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What Is a Person?: Rethinking Humanity, Social Life, and the Moral Good from the Person Up Paperback – September 15, 2010

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Editorial Reviews

Review

"Smith combines a meticulous command of sociological theory, philosophical analysis, and moral passion to argue against reductionist theories of human personhood and agency.... This book will become required reading." (Choice)"

About the Author

Christian Smith is the William R. Kenan, Jr. Professor of Sociology, director of the Center for the Study of Religion and Society, and director of the Center for Social Research at the University of Notre Dame. He is the author or coauthor of numerous books, including Soul Searching: The Religious and Spiritual Lives of American Teenagers and Moral, Believing Animals: Human Personhood and Culture.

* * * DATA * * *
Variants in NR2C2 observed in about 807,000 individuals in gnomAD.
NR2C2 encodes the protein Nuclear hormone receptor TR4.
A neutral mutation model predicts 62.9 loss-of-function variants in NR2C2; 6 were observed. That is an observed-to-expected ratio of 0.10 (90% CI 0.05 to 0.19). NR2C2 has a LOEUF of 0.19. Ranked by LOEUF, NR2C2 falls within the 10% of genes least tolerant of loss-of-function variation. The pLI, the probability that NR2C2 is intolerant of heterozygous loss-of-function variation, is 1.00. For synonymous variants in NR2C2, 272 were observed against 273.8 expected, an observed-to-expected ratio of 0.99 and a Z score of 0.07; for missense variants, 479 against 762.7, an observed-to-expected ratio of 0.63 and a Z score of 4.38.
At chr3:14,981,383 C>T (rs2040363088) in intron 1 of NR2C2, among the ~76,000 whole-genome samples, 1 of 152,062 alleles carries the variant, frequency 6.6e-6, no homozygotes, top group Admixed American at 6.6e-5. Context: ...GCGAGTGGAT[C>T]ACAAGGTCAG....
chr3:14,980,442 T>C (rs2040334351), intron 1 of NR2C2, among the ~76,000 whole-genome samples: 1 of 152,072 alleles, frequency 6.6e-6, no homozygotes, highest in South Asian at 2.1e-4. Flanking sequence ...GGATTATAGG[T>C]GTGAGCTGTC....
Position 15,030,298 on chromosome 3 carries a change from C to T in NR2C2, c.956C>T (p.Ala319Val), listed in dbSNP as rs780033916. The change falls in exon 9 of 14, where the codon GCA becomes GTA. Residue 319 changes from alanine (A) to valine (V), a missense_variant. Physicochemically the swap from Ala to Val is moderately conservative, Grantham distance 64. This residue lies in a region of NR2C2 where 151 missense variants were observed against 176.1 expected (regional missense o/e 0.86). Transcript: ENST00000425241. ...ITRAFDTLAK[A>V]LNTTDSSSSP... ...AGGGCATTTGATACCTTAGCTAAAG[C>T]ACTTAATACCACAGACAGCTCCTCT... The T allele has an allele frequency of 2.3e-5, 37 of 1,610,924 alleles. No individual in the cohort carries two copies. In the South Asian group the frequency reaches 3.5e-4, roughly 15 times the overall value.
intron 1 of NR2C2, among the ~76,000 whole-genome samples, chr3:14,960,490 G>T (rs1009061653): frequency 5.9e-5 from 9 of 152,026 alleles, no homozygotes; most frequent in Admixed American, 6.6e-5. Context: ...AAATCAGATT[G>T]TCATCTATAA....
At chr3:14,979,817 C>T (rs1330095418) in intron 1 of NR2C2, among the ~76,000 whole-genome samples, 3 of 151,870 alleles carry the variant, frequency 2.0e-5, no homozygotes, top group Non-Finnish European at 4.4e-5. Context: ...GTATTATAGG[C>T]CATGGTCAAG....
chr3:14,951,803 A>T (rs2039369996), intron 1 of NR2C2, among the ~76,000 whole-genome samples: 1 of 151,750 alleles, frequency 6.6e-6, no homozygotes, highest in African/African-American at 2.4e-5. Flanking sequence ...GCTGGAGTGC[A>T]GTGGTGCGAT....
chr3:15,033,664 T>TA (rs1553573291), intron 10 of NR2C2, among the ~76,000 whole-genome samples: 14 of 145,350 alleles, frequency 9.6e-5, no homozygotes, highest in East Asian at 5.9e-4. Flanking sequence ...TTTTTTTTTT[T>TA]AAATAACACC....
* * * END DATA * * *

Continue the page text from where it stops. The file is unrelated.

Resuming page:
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Product Details

  • Paperback: 528 pages
  • Publisher: University Of Chicago Press (November 30, 2011)
  • Language: English
  • ISBN-10: 0226765946
  • ISBN-13: 978-0226765945
  • Product Dimensions: 6 x 1.3 x 9 inches
  • Shipping Weight: 1.2 pounds (View shipping rates and policies)
  • Average Customer Review: 4.2 out of 5 stars  See all reviews (12 customer reviews)
  • Amazon Best Sellers Rank: #868,981 in Books (See Top 100 in Books)

More About the Author